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[3. Schrödinger equations.]
State description in quantum mechanics.
The state S of a quantum system is completely described by a complex function
Ψ (q) depending from position q.
Let u be a classical physical quantity and let u_{op} be the
corresponding quantum operator. The first Schrödinger equation is
.
The eigenvalues u_{i} are the admissible values of u.
The complex function Ψ (q) can be represented as a sum of the
eigenfunctions:
Complex numbers σ_{i} are called the expansion coefficients;
the square of their module determines the probability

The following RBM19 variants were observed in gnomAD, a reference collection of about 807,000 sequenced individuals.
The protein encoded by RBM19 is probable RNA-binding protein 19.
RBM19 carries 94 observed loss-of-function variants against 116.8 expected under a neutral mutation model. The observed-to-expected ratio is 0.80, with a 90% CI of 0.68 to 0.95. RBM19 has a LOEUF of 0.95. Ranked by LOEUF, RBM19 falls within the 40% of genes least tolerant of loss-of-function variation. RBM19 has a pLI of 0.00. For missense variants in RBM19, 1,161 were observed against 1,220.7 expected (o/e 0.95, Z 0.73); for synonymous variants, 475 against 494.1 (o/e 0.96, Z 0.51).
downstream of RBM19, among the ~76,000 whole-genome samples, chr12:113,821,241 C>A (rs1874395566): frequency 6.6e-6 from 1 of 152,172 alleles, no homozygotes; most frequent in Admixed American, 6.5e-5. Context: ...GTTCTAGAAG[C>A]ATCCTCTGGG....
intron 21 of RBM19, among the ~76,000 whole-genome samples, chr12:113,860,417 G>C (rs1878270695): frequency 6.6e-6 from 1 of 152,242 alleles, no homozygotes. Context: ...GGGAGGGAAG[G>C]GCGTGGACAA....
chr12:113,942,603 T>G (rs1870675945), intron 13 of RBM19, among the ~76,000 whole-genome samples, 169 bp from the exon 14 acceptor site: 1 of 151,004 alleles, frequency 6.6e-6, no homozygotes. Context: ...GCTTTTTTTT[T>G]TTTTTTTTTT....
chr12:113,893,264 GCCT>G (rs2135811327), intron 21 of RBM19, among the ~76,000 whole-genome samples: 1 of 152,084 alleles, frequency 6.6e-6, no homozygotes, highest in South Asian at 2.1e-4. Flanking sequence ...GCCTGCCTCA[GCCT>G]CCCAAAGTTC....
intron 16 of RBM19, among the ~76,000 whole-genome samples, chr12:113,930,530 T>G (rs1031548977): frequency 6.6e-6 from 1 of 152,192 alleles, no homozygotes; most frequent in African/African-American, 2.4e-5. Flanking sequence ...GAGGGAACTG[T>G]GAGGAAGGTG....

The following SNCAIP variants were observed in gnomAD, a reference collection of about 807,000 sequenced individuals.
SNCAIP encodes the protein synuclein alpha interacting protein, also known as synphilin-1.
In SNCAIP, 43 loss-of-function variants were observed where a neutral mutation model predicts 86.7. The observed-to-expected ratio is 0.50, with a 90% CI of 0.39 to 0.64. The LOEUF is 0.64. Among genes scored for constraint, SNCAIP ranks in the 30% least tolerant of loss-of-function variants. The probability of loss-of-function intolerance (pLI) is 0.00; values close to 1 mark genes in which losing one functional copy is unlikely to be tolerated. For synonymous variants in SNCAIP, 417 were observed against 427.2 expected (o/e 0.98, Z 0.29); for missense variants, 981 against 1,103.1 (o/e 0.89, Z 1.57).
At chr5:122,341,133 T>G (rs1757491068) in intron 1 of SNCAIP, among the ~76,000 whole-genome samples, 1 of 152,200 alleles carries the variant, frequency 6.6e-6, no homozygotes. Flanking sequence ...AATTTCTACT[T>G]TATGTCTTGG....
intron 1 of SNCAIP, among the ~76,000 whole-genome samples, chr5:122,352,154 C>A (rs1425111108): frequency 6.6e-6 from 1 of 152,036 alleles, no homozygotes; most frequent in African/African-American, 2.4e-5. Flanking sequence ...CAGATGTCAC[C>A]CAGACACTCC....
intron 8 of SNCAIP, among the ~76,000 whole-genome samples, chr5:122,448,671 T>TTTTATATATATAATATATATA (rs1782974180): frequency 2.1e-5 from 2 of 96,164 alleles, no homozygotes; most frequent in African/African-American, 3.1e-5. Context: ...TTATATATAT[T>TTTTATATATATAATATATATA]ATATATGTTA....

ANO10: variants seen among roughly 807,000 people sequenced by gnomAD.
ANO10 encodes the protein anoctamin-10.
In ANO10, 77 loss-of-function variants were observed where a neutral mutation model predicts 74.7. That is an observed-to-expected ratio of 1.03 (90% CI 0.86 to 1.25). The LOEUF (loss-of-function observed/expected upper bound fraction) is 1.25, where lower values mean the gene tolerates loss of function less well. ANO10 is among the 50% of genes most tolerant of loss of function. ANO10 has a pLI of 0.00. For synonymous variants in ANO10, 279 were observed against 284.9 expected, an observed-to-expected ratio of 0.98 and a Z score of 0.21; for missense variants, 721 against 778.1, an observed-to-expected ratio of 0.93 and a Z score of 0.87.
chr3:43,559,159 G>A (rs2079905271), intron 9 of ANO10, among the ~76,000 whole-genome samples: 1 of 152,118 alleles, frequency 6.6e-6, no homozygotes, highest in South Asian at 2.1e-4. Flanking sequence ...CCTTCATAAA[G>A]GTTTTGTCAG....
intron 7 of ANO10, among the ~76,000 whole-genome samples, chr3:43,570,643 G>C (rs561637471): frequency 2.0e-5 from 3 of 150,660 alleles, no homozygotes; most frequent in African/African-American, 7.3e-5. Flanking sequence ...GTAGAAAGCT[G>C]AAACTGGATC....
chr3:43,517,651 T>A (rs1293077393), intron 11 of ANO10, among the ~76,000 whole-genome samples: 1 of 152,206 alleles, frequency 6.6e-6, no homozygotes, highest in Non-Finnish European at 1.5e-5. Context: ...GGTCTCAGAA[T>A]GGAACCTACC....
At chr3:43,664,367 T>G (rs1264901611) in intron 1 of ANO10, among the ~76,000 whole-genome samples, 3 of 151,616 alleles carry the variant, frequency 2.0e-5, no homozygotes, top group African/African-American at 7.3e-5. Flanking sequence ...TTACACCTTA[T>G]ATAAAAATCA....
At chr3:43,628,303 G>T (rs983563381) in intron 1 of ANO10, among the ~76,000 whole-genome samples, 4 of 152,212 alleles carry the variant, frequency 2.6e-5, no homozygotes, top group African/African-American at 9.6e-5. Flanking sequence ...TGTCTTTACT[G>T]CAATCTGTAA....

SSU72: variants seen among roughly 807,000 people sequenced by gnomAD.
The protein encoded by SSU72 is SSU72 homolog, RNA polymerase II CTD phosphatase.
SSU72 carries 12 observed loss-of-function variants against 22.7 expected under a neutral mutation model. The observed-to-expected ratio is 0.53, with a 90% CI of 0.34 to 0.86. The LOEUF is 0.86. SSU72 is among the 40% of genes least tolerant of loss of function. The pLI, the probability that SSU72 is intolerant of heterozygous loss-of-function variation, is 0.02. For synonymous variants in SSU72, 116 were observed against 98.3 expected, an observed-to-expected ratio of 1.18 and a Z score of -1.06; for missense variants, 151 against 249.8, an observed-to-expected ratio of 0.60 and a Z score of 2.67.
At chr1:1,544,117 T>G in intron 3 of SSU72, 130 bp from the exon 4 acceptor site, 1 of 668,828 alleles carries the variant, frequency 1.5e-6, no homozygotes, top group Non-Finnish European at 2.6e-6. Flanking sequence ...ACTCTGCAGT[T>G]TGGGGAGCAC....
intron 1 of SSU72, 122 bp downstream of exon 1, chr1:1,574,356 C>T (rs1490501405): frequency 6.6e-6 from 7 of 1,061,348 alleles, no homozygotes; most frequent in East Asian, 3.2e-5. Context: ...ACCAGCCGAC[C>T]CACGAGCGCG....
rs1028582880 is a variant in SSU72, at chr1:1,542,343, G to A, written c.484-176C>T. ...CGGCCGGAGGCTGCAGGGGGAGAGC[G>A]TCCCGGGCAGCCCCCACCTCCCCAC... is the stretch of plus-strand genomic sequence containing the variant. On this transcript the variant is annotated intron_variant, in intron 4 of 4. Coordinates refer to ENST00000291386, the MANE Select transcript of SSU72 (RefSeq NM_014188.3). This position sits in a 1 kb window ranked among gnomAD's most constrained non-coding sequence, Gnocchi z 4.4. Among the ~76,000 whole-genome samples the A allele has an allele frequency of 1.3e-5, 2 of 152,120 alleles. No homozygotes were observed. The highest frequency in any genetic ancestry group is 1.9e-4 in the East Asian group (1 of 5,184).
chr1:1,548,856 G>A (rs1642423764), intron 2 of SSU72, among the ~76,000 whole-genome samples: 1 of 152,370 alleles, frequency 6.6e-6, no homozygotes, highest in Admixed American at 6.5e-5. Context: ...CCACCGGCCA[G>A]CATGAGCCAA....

P_{S}( u_{i} ) that u has the value
u_{i} in the state S :
P_{S}( u_{i} ) =  σ_{i} ² .
The square of the module of Ψ (q) gives the probability that, in the
state S, the system is to be found in position q :
P_{S}( q ) =  Ψ (q) ² .
The probability of every physical quantity, in the state S, is determined by the complex function
Ψ (q) together with the first Schrödinger equation, by means of the
following two steps:
 The eigenvalues of the first Schrödinger equation give the admissible
values for that physical quantity.
 The representation of Ψ (q) as a sum of the eigenfunctions gives,
by means of the expansion coefficients, the probability of every value.